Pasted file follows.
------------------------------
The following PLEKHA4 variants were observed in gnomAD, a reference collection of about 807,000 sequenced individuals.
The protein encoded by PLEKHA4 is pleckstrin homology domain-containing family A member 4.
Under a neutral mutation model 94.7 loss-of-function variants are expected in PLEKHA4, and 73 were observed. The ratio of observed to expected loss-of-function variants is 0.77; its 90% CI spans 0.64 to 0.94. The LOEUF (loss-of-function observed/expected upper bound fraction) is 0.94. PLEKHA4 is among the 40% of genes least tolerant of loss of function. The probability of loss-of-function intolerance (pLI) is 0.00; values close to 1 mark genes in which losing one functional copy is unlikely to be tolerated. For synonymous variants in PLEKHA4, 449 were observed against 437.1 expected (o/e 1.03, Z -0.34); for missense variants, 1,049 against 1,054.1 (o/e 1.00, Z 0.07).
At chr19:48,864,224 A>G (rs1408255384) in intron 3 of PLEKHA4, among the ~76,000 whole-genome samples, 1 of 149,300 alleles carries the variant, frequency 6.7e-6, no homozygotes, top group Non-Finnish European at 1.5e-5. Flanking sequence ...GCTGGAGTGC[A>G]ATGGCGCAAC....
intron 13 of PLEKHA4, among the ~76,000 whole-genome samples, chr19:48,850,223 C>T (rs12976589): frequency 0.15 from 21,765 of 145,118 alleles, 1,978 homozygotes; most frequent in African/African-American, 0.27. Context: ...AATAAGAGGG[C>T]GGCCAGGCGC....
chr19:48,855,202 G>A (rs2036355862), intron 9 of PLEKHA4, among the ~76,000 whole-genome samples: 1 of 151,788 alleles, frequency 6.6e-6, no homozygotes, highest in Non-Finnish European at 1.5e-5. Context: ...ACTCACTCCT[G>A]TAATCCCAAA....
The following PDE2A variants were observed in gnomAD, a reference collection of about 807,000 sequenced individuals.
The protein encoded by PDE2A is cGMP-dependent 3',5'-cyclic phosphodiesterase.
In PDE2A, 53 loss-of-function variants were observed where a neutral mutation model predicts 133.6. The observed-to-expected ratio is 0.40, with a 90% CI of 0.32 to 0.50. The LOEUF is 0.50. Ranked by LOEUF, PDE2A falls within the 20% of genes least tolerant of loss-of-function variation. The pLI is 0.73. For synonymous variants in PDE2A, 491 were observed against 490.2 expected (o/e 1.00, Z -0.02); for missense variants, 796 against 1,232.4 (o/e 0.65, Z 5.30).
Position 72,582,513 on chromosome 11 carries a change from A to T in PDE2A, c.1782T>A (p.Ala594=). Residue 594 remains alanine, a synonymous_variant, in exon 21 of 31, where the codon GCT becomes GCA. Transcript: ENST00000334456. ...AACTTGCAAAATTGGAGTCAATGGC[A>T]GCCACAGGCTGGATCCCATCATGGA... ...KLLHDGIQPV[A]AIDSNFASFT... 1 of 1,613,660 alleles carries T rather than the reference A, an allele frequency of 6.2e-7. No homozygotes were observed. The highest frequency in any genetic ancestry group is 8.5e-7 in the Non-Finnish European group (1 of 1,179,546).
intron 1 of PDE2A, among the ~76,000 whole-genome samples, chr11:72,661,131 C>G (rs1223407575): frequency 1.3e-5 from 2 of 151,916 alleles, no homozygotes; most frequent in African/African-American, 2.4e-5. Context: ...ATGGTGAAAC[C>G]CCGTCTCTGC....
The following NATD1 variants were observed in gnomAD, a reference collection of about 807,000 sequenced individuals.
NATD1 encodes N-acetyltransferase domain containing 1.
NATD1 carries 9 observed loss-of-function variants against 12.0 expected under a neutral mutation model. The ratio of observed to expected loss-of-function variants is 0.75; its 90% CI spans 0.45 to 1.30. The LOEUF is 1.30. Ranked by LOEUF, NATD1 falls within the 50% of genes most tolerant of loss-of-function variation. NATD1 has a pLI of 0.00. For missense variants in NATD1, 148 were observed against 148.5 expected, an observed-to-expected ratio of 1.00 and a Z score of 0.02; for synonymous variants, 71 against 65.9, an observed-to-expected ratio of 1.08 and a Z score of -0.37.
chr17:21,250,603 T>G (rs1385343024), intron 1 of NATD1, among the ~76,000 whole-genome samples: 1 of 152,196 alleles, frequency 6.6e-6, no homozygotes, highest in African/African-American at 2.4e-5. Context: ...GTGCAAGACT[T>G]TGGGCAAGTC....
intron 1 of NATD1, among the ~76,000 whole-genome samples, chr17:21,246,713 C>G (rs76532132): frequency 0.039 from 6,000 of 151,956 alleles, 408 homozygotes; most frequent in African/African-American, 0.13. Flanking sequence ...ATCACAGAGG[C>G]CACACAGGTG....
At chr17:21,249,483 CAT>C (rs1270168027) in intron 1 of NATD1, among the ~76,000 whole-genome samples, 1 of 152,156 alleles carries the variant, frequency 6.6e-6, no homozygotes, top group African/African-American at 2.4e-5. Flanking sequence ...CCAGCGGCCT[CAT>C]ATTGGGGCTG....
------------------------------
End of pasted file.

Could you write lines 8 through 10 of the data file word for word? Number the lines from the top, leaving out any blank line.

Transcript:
The protein encoded by PDE2A is cGMP-dependent 3',5'-cyclic phosphodiesterase.
In PDE2A, 53 loss-of-function variants were observed where a neutral mutation model predicts 133.6. The observed-to-expected ratio is 0.40, with a 90% CI of 0.32 to 0.50. The LOEUF is 0.50. Ranked by LOEUF, PDE2A falls within the 20% of genes least tolerant of loss-of-function variation. The pLI is 0.73. For synonymous variants in PDE2A, 491 were observed against 490.2 expected (o/e 1.00, Z -0.02); for missense variants, 796 against 1,232.4 (o/e 0.65, Z 5.30).
Position 72,582,513 on chromosome 11 carries a change from A to T in PDE2A, c.1782T>A (p.Ala594=). Residue 594 remains alanine, a synonymous_variant, in exon 21 of 31, where the codon GCT becomes GCA. Transcript: ENST00000334456. ...AACTTGCAAAATTGGAGTCAATGGC[A>T]GCCACAGGCTGGATCCCATCATGGA... ...KLLHDGIQPV[A]AIDSNFASFT... 1 of 1,613,660 alleles carries T rather than the reference A, an allele frequency of 6.2e-7. No homozygotes were observed. The highest frequency in any genetic ancestry group is 8.5e-7 in the Non-Finnish European group (1 of 1,179,546).